Campus unions weigh in on unification

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The ongoing process of unifying the Johnson and Lyndon campuses will certainly have an effect on the employees of the soon-to-be unified institution.

 
Because the faculty and staff of the two colleges are unionized, changes to the nature of their jobs have to be negotiated between the unions and the administration.

 
Besides chairing Johnson’s mathematics department, Julie Theoret is also the chapter chair of the Vermont State Colleges Faculty Federation, a member of the American Federation of Teachers.

 

 

“One of the first questions we asked was, ‘how will this affect our contracts?’ Our contracts lay out specific things about our job. If those things are changing, then that’s in breach of the contract,” said Theoret.

 
While the faculty federation represents the faculty, the staff of the colleges are represented by the Vermont State Colleges United Professionals (VSCUP) and the Vermont State Employees Association (VSEA).

 
Sandra Noyes, the unit chair of the VSEA’s represented staff, says that staff members represented by VSCUP will likely be more impacted by unification than those represented by VSEA.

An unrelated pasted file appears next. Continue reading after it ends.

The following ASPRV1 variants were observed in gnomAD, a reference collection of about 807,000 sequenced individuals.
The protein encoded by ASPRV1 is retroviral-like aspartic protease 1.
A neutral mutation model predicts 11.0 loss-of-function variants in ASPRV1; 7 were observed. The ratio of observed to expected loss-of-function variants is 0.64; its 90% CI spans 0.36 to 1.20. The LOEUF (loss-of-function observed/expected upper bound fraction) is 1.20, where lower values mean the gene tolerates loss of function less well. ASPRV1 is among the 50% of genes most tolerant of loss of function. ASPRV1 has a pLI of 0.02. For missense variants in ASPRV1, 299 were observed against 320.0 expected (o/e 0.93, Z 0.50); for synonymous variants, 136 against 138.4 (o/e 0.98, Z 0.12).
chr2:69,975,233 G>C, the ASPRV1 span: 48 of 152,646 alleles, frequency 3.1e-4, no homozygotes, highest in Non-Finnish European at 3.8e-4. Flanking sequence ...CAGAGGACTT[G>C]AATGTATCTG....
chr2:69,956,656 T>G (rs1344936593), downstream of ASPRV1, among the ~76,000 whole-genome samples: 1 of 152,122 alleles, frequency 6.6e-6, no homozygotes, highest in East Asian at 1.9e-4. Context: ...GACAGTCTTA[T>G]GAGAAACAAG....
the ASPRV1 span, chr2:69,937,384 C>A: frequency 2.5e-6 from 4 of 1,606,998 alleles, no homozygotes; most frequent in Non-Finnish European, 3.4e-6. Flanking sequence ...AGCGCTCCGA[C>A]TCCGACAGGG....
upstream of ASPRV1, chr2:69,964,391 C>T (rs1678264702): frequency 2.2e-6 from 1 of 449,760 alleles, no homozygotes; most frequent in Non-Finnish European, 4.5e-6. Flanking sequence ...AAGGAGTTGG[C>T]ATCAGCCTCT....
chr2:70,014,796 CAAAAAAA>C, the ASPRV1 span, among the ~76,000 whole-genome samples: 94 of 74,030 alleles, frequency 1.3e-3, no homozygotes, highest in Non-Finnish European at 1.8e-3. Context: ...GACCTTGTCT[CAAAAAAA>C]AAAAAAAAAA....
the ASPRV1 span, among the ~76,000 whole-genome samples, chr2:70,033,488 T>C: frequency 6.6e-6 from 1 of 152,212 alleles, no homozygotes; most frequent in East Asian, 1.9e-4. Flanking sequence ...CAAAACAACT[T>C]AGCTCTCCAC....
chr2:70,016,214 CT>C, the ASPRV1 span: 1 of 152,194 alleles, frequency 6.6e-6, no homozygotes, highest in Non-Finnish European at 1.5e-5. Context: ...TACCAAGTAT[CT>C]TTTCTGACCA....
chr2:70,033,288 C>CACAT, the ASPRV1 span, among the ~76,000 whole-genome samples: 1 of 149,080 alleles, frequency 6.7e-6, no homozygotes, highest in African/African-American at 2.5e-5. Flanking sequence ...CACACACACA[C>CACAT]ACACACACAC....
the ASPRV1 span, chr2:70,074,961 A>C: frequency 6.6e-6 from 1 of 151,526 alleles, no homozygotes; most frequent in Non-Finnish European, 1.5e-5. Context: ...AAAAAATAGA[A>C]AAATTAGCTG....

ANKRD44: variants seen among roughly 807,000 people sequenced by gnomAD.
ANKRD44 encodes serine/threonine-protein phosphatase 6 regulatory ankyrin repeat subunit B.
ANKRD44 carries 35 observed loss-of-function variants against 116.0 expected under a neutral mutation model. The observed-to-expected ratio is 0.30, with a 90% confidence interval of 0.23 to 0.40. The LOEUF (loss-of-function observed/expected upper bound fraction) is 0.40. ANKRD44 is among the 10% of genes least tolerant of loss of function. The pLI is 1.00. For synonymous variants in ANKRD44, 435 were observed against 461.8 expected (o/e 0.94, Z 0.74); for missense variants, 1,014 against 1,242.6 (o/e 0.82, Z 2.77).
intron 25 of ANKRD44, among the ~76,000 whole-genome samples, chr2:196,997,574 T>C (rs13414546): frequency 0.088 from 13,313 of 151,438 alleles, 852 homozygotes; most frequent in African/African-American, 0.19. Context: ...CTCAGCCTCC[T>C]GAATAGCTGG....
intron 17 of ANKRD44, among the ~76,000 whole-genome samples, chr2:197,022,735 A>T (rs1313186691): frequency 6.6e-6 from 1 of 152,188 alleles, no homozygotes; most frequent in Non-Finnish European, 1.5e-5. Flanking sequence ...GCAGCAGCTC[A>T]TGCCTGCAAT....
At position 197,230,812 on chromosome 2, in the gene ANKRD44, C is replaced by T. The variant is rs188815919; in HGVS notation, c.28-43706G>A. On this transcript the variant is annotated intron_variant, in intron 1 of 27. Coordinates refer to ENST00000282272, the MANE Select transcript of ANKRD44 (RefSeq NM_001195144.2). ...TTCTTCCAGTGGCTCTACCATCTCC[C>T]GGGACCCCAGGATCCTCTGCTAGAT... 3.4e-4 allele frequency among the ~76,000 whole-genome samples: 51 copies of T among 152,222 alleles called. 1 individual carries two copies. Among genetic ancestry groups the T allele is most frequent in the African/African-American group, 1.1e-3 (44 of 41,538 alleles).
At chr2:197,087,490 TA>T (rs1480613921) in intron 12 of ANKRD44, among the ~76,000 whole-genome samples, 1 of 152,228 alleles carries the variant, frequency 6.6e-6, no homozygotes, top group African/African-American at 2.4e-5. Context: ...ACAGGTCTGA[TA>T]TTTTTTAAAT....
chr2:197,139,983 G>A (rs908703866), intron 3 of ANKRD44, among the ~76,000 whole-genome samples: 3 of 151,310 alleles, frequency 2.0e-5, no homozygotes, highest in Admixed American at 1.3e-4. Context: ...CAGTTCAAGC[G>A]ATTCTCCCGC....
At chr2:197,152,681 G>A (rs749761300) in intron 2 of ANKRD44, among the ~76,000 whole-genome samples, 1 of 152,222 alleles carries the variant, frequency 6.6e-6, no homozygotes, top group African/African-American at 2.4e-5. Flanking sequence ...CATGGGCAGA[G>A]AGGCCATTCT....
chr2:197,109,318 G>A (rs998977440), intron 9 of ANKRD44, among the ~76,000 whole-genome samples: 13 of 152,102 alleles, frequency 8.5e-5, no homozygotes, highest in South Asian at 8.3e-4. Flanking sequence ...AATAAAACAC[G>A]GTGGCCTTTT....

“I don’t think unification will change much for us,” she said. “Our unit includes maintenance workers — which each campus will continue to need — housekeepers, custodians, both campuses need that too. The office people all work directly with the students, so I don’t think it’s going to affect us as much.

 
“Jeb actually told us that it wouldn’t affect our unit like it will the professional unit,” she continued.
Jeb Spaulding, the chancellor of the Vermont State Colleges, has said that the ongoing process of consolidating “back-office positions” is distinct from — but related to — the unification of the two colleges. While consolidation is an ongoing process across the entire VSC system, unification only involves Johnson and Lyndon.

 
“Jeb keeps saying, ‘I just hope the unions will cooperate,’ but he doesn’t go any further to tell us what he wants us to cooperate on,” said Noyes. “In our contract it says every campus will have a certain number of officers. It doesn’t say, ‘college.’ It says each ‘campus.’ It’s not like we can have a campus chair on one and not the other. Everybody has to keep their ears to the ground to hear what’s going on.”

 
The faculty union is ready to receive more concrete information about the changing expectations of a unified institution.

 
“As far as we’re concerned, right now we don’t have any issues because we don’t know what the issues are,” said Theoret. “When a decision is made, we’re going to look at it and say, ‘how is this going to affect the faculty contracts?’ If it does, then those changes actually need to be bargained. They can’t just make the changes [unilaterally].”

 
“If faculty are going to be required to teach at the different campuses on a regular basis and do a lot more traveling, then we as a union might say, ‘well, we’re going to look at the policy that’s in place now for that type of thing,” she continued. “There is a stipulation that says if we teach off-campus, we actually get compensated for that. For mileage and for seat-time.”

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